Canada Emergency Commercial Rent Assistance Program and Large Employer Emergency Financing Facility20-May-20
by the McLennan Ross Corporate & Tax Team
On Friday April 24, 2020, the Federal Government and Prime Minister Justin Trudeau announced information relating to the Canada Emergency Commercial Rent Assistance Program (“CECRA”). CECRA for small businesses provides relief for small businesses experiencing financial hardship due to COVID-19. It offers unsecured, forgivable loans to eligible commercial property owners to:
- reduce the rent owed by their impacted small business tenants
- meet operating expenses on commercial properties.
Property owners must offer a minimum of a 75% rent reduction for the months of April, May and June 2020.
Today, May 20, 2020, the Federal Government and Prime Minister Justin Trudeau provided an update on CECRA. Full details about the CECRA can be found here.
To qualify for CECRA for small businesses, the commercial property owner must:
- own commercial real property which is occupied by one or more impacted small business tenants;
- enter into a legally binding rent reduction agreement for the period of April, May and June 2020, reducing an impacted small business tenant’s rent by at least 75%; and
- ensure the rent reduction agreement with each impacted tenant includes a moratorium on eviction and a declaration of rental revenue included in the attestation.
NOTE: Properties with or without a mortgage are eligible under CECRA for small businesses.
Furthermore, to qualify for CECRA for small business, an impacted small business tenant (including non-profit and charitable organizations) are those that:
- pay no more than $50,000 in monthly gross rent per location;
- generate no more than $20 million in gross annual revenues, calculated on a consolidated basis (at the ultimate parent level); and
- have experienced at least a 70% decline in pre-COVID-19 revenues (compared year over year with April-June 2019 or with January and February of 2020).
The CECRA for small businesses application portal will be available May 25, 2020. The Prime Minister has urged landlords to apply if they and their tenants are eligible for CECRA. With CECRA for small businesses, commercial property owners will still collect a portion of their gross rent. For example, for an impacted small business tenant paying $10,000 per month:
- CECRA for small business will cover 50% of the rent ($5000);
- The impacted small business tenant will pay 25% of the rent ($2500); and
- The commercial property owner will forgive 25% of the rent ($2500).
The Federal Government has indicated that they are working on new supports for larger retailers that do not qualify for CECRA for small businesses. McLennan Ross will continue to monitor these new measures and provide all necessary updates.
On May 20, 2020, the Federal Government and Prime Minister Justin Trudeau also provided more information on the Large Employer Emergency Financing Facility (“LEEFF”). LEEFF is a program that will provide emergency funding support for large Canadian enterprises facing financial challenges in light of the economic impact of the global COVID-19 pandemic. Complete information about LEEFF can be found here.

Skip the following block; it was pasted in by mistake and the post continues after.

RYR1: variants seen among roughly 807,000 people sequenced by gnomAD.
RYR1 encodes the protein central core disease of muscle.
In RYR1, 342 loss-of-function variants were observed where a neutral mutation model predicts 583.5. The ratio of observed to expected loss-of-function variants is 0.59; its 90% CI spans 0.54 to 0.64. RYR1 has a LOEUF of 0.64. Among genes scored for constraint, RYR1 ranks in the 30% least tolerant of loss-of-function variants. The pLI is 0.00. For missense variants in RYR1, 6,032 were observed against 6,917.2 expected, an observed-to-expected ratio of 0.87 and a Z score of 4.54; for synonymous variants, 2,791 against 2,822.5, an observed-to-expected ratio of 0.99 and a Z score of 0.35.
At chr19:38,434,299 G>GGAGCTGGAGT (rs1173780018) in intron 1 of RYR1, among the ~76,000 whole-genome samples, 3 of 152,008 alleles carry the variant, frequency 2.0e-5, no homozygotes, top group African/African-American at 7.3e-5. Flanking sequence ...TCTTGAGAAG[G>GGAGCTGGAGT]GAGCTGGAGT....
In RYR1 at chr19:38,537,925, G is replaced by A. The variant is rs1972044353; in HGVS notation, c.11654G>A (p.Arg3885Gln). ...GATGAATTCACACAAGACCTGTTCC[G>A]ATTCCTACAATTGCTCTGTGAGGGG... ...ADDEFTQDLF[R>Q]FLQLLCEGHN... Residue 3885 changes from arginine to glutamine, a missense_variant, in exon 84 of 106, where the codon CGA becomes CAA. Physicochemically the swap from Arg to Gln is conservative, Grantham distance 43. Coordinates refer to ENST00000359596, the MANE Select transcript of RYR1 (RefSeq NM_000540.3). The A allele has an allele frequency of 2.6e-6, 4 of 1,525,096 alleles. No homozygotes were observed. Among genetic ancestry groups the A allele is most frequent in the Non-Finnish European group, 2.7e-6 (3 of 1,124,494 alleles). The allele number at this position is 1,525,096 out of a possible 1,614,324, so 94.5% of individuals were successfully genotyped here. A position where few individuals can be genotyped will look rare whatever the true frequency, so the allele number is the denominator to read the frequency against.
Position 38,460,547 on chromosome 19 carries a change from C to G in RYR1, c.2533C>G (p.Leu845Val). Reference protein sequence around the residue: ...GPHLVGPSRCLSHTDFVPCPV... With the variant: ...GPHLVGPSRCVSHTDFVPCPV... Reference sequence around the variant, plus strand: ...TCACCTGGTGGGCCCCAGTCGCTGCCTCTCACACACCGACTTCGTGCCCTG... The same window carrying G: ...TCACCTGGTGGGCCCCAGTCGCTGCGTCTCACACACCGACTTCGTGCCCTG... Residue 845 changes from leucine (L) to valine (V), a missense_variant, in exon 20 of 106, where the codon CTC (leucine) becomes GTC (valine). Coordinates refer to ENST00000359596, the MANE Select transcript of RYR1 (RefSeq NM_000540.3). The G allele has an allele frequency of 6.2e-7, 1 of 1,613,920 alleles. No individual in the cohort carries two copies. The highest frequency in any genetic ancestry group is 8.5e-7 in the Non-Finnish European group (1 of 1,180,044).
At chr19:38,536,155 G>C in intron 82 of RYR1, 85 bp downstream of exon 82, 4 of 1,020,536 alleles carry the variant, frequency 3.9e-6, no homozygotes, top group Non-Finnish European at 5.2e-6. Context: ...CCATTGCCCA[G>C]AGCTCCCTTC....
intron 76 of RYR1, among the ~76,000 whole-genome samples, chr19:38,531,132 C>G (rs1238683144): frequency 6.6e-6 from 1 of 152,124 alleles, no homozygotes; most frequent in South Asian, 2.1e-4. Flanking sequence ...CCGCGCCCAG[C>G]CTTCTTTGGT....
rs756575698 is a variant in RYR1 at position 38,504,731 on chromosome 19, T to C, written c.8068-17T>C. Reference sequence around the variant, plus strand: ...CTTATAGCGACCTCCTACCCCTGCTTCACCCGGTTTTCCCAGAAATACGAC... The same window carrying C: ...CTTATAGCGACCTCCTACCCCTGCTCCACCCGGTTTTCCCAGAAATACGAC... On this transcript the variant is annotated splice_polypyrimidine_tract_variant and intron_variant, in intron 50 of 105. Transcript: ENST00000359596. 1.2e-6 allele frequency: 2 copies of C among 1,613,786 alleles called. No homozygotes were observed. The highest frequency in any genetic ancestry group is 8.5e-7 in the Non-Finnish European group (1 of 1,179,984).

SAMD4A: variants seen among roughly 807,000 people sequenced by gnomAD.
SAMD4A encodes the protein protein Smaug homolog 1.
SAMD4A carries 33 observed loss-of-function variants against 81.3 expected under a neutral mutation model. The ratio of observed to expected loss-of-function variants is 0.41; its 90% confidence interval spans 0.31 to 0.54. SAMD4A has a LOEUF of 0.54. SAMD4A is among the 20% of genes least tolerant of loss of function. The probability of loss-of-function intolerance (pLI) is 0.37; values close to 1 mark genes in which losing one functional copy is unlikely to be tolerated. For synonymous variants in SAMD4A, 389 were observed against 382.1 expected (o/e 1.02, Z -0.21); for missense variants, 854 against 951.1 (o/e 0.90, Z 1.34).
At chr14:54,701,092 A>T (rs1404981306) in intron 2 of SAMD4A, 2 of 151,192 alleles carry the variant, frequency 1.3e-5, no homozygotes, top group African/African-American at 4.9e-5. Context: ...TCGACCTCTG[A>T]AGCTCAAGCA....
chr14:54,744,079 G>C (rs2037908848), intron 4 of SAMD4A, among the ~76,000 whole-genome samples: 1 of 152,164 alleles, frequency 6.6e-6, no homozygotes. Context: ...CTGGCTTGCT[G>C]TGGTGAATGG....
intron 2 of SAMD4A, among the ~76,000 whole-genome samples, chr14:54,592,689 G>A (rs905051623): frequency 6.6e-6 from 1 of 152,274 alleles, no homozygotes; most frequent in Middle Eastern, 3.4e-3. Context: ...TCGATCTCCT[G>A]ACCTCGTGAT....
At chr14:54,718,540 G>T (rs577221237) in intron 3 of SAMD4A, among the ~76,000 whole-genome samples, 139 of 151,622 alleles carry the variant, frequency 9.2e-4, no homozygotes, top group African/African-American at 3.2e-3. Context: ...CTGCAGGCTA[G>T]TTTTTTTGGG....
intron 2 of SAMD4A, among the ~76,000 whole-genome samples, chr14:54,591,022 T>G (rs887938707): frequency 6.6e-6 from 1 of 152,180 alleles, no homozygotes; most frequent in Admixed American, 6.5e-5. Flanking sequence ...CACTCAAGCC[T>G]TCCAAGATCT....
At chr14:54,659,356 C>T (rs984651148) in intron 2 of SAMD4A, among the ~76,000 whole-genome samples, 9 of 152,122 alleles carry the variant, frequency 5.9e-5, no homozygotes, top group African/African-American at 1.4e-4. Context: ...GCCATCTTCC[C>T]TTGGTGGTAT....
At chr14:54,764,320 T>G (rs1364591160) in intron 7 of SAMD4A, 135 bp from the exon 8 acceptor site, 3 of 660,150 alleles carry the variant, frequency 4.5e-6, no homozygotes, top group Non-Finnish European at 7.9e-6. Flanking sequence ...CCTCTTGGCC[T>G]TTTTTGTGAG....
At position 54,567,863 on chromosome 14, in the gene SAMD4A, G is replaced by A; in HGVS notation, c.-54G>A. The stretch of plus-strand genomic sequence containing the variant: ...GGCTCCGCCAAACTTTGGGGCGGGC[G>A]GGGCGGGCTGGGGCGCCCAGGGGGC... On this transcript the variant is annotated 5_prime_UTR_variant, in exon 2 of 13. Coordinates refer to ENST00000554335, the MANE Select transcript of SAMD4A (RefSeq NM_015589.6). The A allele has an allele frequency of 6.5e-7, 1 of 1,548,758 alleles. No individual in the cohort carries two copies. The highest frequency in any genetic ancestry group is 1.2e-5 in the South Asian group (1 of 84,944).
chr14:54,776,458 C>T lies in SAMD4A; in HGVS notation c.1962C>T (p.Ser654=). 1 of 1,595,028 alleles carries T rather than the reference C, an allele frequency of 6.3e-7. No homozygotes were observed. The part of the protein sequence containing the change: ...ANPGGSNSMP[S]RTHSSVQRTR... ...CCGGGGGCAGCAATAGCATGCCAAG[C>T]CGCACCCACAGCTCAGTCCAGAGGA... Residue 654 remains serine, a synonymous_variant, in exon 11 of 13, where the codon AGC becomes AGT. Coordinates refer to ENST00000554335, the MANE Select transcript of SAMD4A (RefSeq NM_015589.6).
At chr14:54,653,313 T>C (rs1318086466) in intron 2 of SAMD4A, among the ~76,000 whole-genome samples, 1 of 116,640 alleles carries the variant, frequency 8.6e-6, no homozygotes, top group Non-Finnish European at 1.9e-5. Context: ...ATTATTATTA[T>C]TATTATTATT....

LEEFF will be available to large Canadian employers who:
- have a significant impact on Canada’s economy, as demonstrated by having significant operations in Canada or supporting a significant workforce in Canada;
- can generally demonstrate approximately $300 million or more in annual revenues;
- require a minimum loan size of $60 million; and
- are not involved in any ongoing insolvency proceedings.
LEEFF is open to large commercial businesses in all sectors (except those in the financial sector) and certain not-for-profit businesses such as airports. However, Companies that have been found guilty of tax evasion are not eligible under the program.
It should be noted that the loans provided under LEEFF are not forgivable and comes with conditions attached. The companies receiving the loans must, among other things:
- disclose their climate action plans and sustainability goals; and
- must not pay their executives “excessive” salaries;
Finance Minister Bill Morneau said the program is not a "bailout" and said the program has built-in safeguards for taxpayers — including a requirement that large companies that borrow money give the government the option of taking an ownership stake or provide a cash equivalent of 15 per cent of the principal amount.
Large enterprises that meet the qualifying criteria for LEEFF may begin an application by completing the online enquiry form here and sending it to email@example.com. LEEFF will remain open while the current economic situation persists.
Additional information about the LEEFF program is expected to surface in the coming days. McLennan Ross will continue to monitor these new measures and provide updates.